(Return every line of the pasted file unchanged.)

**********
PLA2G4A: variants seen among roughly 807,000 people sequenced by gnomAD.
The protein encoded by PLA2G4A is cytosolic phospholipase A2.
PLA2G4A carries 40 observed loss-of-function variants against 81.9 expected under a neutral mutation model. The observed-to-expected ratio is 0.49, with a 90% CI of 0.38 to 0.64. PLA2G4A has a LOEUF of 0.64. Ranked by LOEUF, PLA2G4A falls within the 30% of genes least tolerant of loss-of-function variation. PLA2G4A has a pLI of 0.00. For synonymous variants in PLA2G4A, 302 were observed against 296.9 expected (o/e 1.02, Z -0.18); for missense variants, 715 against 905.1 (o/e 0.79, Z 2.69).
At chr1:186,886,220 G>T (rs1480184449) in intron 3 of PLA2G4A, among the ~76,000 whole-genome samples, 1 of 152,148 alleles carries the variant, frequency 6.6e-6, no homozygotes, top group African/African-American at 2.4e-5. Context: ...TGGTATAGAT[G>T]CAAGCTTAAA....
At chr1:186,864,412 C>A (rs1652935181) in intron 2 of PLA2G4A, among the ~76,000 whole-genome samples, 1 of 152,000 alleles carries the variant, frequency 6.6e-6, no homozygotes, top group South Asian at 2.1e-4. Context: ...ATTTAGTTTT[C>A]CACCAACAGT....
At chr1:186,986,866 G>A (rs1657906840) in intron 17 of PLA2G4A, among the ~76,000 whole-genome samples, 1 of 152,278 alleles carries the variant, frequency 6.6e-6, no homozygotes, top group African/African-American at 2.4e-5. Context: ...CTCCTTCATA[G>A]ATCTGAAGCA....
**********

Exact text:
PLA2G4A: variants seen among roughly 807,000 people sequenced by gnomAD.
The protein encoded by PLA2G4A is cytosolic phospholipase A2.
PLA2G4A carries 40 observed loss-of-function variants against 81.9 expected under a neutral mutation model. The observed-to-expected ratio is 0.49, with a 90% CI of 0.38 to 0.64. PLA2G4A has a LOEUF of 0.64. Ranked by LOEUF, PLA2G4A falls within the 30% of genes least tolerant of loss-of-function variation. PLA2G4A has a pLI of 0.00. For synonymous variants in PLA2G4A, 302 were observed against 296.9 expected (o/e 1.02, Z -0.18); for missense variants, 715 against 905.1 (o/e 0.79, Z 2.69).
At chr1:186,886,220 G>T (rs1480184449) in intron 3 of PLA2G4A, among the ~76,000 whole-genome samples, 1 of 152,148 alleles carries the variant, frequency 6.6e-6, no homozygotes, top group African/African-American at 2.4e-5. Context: ...TGGTATAGAT[G>T]CAAGCTTAAA....
At chr1:186,864,412 C>A (rs1652935181) in intron 2 of PLA2G4A, among the ~76,000 whole-genome samples, 1 of 152,000 alleles carries the variant, frequency 6.6e-6, no homozygotes, top group South Asian at 2.1e-4. Context: ...ATTTAGTTTT[C>A]CACCAACAGT....
At chr1:186,986,866 G>A (rs1657906840) in intron 17 of PLA2G4A, among the ~76,000 whole-genome samples, 1 of 152,278 alleles carries the variant, frequency 6.6e-6, no homozygotes, top group African/African-American at 2.4e-5. Context: ...CTCCTTCATA[G>A]ATCTGAAGCA....